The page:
After the war began last month, President Volodymyr Zelensky of Ukraine resorted to Mykhailo Fedorovdeputy prime minister, for a key role.
Fedorov, 31 years old, the youngest member of Zelensky’s cabinet, immediately took over a parallel strand of Ukraine’s defense against Russia. He started a campaign to rally the support of multinational companies to separate Russia from the world economy and isolate the country from the global Internet, targeting everything, from access to new iPhones and PlayStations to Western Union and PayPal money transfers.
To achieve isolation from Russia, Fedorov, a former tech entrepreneur, used a combination of social media, cryptocurrencies and other digital tools. On Twitter and other social media, he pressured Apple, Google, Netflix, Intel, PayPal and others to stop doing business in Russia.
He helped form a group of volunteer hackers to wreak havoc on Russian websites and online services. His ministry also created a cryptocurrency fund which has raised more than $60 million for the Ukrainian military.
The work has made Fedorov one of Zelensky’s most visible lieutenants, deploying technology and finance as modern weapons of war. In effect, Fedorov is creating a new playbook for military conflicts that shows how a country outmatched in arms you can use the internet, cryptography, digital activism and frequent posting on Twitter to help undermine a foreign aggressor.
In his first in-depth interview since the invasion began on February 24, Fedorov said his goal was to create a “digital blockade” and make life so unpleasant and inconvenient for Russian citizens that they would question the war. He praised the companies that had pulled out of Russia, but said Apple, Google and others could go further with measures such as shutting down their app stores in the country altogether.
A technology and business lockdown, he said, “is an integral component to stopping the aggression.”
Fedorov, speaking via video link from an undisclosed location somewhere in Kiev, also downplayed concerns that his actions alienated urban Russians who might be those most likely to oppose the conflict.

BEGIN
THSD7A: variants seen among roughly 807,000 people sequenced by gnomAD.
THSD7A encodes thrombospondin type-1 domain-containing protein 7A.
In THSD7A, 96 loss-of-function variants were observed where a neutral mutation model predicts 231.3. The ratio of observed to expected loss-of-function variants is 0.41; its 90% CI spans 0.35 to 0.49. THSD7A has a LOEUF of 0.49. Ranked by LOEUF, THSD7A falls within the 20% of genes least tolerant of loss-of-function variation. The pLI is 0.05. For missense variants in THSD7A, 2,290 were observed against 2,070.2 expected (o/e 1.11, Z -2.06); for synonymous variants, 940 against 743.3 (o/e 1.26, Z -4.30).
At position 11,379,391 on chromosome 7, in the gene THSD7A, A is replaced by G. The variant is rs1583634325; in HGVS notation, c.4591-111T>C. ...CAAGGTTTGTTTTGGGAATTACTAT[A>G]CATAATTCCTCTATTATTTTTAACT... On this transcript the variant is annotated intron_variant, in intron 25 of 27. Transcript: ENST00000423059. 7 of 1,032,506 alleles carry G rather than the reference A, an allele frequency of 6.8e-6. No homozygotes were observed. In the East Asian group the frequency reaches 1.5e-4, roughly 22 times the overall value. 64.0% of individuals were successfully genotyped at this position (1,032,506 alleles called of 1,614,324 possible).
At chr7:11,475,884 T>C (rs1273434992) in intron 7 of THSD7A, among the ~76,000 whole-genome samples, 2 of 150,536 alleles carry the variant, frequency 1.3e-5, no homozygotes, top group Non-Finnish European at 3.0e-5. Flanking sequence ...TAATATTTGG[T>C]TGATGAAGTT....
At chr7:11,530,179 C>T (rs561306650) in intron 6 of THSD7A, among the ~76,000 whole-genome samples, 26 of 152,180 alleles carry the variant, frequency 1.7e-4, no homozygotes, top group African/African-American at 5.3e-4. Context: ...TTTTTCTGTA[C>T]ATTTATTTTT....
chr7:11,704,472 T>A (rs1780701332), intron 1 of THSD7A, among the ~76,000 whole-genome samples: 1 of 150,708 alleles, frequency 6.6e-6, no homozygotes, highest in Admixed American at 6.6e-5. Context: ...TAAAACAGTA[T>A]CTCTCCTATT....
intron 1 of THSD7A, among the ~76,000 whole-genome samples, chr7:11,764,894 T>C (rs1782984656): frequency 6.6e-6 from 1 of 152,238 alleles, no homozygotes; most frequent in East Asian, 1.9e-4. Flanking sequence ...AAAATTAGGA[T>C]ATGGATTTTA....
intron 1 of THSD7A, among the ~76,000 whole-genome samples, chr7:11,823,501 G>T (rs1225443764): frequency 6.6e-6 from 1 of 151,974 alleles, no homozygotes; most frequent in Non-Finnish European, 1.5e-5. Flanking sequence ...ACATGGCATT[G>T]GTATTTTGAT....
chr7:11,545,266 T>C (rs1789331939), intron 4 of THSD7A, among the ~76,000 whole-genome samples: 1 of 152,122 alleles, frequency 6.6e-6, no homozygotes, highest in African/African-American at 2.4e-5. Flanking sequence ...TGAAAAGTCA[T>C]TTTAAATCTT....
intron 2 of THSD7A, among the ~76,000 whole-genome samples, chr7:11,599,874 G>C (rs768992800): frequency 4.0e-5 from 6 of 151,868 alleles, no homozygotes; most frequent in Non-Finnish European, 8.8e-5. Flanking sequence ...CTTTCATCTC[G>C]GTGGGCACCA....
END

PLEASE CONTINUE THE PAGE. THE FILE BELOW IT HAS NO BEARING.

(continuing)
“We believe that as long as the Russians remain silent, they will be complicit in the aggression and murder of our people,” he said.
Fedorov did it
Mykhailo Fedorov, Deputy Prime Minister of Ukraine, and his image with his team on social networks. Photo Twitter
Fedorov’s work is not the only reason multinational companies like Meta and McDonald’s have pulled out of Russia, with the human cost of the war provoking horror and outrage. The economic sanctions of the United States, the European Union and others have played a central role in isolating Russia.
But Peter Singer, a professor at the Center on the Future of War at Arizona State University, said Fedorov had been “incredibly effective” in asking companies to reconsider their connections to Russia.
“No celebrity, let alone a nation, has ever been more effective than Ukraine in calling corporate brands to name and shame them into acting morally,” Singer said. “If there is such a thing as ‘cancel culture’, the Ukrainians can claim that they have perfected it in war“.
In the 45-minute interview on Zoom, Fedorov, dressed in a baggy gray fleece with black zippers, sat facing a wood-paneled wall. He has slept three to four hours a night, he said, often interrupted every 30 minutes or so by alerts on the iPhone he keeps next to his bed. He said he was worried about his father, who was in intensive care for the last week after a missile hit the house next door.
“I have brushed against horror,” he said. “The war has also knocked on my door personally.”
Fedorov grew up in the small town of Vasylivka in southern Ukraine, near the Dnieper River. Before entering politics, he founded a digital marketing company called SMMSTUDIO that designed online advertising campaigns.
The job led him to work in 2018 with Zelensky, then an actor who was making an unexpected run for the presidency of Ukraine. Fedorov became the campaign’s digital director and used social media to portray Zelensky as a youthful symbol of change.